Tuesday, March 19, 2013


Blue collar jobs are better than white collar jobs. For everything but money, anyway. In every blue collar job I’ve ever had, I’ve liked my coworkers, they’ve liked each other—for the most part—and we all hated the customers. In every white collar job I’ve had, I’ve despised my coworkers, most of them have disliked each other, and I left hoping I never had to deal with “any of these cocksuckers” again.

When I was a bouncer—in addition to some other like-minded jobs I’ve had—coworkers looked out for each other. If you saw one of your guys in trouble, either with a customer or with management, you helped him out by fighting for him. I’ve worked with several people over the years that I’ve taken a vested, personal interest in protecting—and vice-versa. That’s powerful—and when it’s gone, it’s missed.

At my last job, the idea was to get ahead by ratting your coworkers out to management—and to kiss management’s ass while you did it. If you saw a coworker in trouble there, the idea—at least for the people I worked with—was to compound the problem and try to get the guy demoted or fired. Most people in white collar jobs seem to spend more time on this shit than they do working.

When I bounced, we all shared similar circumstances, and nobody begrudged anyone making a few extra bucks any way they could. At my last job, people obsessed over everyone else’s salary. Meetings took place, during which people discussed how to fuck over coworkers so they wouldn’t get promotions or raises. I know, because I’ve been both privy to these meetings and targeted by them.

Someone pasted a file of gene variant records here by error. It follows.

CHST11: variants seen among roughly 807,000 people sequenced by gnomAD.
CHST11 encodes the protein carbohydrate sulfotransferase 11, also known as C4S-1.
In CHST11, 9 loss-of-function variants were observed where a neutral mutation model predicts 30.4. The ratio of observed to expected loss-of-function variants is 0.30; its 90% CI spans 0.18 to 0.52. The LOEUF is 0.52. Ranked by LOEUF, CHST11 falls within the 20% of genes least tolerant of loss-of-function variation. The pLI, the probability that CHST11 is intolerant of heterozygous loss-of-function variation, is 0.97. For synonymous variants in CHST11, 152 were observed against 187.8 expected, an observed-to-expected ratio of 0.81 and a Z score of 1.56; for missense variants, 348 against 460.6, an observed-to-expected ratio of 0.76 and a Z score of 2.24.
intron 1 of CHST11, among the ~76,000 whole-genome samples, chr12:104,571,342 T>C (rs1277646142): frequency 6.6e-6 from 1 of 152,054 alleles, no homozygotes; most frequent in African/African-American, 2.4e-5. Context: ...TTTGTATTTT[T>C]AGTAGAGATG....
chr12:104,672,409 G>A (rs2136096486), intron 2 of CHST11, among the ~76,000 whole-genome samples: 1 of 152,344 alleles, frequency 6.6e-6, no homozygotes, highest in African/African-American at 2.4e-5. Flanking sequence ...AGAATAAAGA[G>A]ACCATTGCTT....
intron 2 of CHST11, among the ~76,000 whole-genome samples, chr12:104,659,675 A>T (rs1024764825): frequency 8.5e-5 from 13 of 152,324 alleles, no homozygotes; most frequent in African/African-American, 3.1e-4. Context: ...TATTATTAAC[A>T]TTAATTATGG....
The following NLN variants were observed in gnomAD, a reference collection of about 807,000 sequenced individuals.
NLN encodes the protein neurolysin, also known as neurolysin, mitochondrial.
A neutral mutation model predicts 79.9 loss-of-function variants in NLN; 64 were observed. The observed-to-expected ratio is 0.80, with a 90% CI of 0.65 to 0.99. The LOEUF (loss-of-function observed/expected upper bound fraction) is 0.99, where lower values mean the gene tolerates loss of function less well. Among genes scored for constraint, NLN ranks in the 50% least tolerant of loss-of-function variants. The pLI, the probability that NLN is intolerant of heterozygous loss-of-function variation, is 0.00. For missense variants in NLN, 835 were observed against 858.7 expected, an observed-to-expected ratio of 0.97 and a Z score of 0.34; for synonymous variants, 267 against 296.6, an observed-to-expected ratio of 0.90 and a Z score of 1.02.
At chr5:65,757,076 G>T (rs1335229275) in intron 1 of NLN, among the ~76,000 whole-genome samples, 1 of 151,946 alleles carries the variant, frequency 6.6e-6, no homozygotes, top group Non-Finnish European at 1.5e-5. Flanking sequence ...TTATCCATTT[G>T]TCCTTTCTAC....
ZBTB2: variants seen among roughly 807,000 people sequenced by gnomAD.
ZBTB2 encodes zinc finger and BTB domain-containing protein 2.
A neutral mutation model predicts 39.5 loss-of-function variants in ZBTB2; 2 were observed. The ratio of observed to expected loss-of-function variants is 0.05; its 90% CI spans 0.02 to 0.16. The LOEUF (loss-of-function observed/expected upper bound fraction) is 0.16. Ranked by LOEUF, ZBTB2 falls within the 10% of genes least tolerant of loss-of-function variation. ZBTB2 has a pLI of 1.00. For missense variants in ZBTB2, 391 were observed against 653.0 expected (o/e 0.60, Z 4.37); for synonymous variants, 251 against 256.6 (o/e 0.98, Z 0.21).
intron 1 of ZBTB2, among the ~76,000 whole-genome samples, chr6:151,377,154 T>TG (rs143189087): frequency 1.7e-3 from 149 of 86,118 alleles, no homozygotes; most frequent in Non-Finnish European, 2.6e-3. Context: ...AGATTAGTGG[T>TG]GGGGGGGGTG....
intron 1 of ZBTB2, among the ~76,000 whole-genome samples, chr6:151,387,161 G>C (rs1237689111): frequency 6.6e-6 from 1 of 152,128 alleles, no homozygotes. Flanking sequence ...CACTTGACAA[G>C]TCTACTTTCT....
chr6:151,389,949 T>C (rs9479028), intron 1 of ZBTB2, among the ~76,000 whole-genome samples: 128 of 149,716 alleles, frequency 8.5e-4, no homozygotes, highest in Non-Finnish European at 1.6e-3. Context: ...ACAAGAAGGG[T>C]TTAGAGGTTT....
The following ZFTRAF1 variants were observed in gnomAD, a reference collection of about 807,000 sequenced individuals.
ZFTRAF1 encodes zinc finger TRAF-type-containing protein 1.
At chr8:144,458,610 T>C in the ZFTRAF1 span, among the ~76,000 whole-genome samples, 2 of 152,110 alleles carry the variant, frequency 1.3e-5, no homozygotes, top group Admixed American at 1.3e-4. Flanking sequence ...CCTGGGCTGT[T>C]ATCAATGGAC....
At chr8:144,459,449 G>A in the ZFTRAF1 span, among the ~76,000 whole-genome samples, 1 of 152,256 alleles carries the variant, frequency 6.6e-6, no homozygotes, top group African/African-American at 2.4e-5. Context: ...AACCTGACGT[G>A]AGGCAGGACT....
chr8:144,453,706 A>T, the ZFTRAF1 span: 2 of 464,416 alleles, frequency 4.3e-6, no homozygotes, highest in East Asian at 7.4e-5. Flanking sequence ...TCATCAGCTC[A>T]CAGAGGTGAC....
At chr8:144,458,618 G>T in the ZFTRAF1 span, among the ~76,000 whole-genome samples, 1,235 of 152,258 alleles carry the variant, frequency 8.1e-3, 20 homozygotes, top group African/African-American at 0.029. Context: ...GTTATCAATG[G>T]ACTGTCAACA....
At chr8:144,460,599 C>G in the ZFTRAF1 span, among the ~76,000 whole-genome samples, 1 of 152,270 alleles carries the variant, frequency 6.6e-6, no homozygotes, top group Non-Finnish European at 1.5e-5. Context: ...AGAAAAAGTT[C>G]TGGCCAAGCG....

With bouncing, you come to work to get the job done, you enjoy the company of like-minded people—i.e., you get to hang out with a bunch of normal fucking people without having to be a politically correct pussy—you collect your paycheck, and you go home. At my last job, everyone was constantly in everyone else’s business—criticizing, gossiping, undermining, and essentially doing everything but the job they were being paid to do.

When you do something notable as a bouncer—like acquit yourself well in a fight—you’re congratulated. Multiple people will come up to you afterward, pat you on the back, and tell you that you did a nice job. With our guys, this was usually accomplished through ballbusting humor—the kind that would get you fired from a white collar job. At my last job, quality work fell into a sort of vortex. There, people root for each other not to succeed. The guy working in the office next to yours wants you to do badly, because he wants to use your failure as justification for asking for a raise or a promotion.

Of course, at my last job, that’s the only way anyone could ever get ahead—through sabotage, nepotism, and bullshit. The don’t have the skill level or work ethic to go any higher on their own, so that’s what they do.

I left because it was tiresome, and because people shouldn’t act that way.